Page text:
These wildflower gardens were usually created by either transplanting native flowers to a designed garden site or into an existing meadow to increase the density and variety of blooming plants. Alternatively, some wildflower gardens made use of existing meadows by simply adding paths. In all cases, the flora was labeled to facilitate plant identification by visitors. Crater Lake’s Castle Crest Wildflower Trail was one of the first wildflower gardens created in the national park service.

The wildflower meadow or “garden," is bowl shaped – enclosed on the north and east by Castle Crest Ridge towering 2,000’ above, and on the south and west by low moraines. Five springs create moist conditions within the meadow that support a prolific wildflower community. The trail continues to follow its historic alignment and provide visitors an interpretive opportunity of the wildflower displays.





Cultural Landscape Recommendations: Park Headquarters at Munson Valley, Crater Lake National Park, Oregon





<< Previous | Table of Contents | Next >>




Natural features of the Castle Crest Wildflower Trail. No scale.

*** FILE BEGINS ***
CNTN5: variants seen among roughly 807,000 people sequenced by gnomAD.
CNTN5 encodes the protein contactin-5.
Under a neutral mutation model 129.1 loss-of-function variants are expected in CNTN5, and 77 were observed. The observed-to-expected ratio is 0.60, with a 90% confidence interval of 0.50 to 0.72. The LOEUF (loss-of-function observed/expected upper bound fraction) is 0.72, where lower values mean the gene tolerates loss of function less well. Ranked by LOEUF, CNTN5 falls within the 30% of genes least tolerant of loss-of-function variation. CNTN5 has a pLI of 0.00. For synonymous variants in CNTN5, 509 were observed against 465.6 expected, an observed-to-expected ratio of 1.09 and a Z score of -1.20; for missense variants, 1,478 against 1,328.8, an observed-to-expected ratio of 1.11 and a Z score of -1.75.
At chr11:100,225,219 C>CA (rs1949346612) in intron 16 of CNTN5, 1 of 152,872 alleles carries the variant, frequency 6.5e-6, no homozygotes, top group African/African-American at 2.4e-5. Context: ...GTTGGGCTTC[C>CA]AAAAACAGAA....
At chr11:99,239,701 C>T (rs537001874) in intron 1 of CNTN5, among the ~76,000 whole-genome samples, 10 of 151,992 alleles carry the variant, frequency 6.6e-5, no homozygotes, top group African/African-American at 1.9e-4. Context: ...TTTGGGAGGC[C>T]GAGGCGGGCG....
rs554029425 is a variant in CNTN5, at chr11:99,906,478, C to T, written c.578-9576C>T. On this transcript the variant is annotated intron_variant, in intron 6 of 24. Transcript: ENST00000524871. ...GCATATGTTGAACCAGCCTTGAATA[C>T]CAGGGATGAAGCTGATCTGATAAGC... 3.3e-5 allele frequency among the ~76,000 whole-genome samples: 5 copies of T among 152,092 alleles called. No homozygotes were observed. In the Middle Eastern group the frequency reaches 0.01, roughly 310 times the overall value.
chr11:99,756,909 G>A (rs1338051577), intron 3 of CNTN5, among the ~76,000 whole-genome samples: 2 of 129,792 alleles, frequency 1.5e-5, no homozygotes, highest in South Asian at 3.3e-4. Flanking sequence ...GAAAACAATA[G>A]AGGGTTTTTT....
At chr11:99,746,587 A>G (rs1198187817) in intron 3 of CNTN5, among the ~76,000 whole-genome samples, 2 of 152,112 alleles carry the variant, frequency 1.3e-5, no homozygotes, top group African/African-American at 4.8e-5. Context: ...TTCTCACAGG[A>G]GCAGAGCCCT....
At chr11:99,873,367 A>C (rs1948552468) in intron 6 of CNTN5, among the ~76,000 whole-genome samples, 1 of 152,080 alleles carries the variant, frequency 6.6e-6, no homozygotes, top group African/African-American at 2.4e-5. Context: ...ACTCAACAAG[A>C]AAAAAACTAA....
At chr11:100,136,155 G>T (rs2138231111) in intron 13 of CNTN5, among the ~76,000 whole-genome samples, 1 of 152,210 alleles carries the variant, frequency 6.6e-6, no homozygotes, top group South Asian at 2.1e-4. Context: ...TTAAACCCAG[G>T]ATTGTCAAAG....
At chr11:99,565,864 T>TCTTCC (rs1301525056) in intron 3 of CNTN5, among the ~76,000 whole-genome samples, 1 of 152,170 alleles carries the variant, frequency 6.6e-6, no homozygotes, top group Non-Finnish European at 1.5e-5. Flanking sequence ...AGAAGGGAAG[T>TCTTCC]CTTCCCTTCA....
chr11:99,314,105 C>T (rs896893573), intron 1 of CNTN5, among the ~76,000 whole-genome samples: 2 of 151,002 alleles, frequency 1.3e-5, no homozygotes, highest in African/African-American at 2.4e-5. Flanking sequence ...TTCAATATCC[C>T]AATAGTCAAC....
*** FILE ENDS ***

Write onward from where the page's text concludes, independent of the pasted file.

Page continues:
"In order that visitors unable, through lack of time or physical strength, to visit all parts of the park may see and enjoy as many varieties as possible of the exquisite wild flowers that abound in out-of-the-way places, wildflower gardens have been constructed in several of the national parks."(1) Visitor accessibility was the incentive behind construction of the Castle Crest Wildflower Garden east of the Administrative plaza in 1929. Chief naturalist Ansel Hall (1923-1930), of the NPS Research and Education Branch, may have directed the layout of the .4 mile loop trail and organized the presentation of interpretive information. The trail contained at least 29 interpretive stops through an area of forest, swamp, wet-meadow, and grassy slope featuring native wildflower display and an occasional glimpse of wildlife through the spring and summer seasons. Boy Scouts constructed the trail and attached aluminum identification labels to plant materials adjacent to the trail.(2) At an approximate construction cost of $160.00, the unpaved trail featured five log bridges and four rustic benches.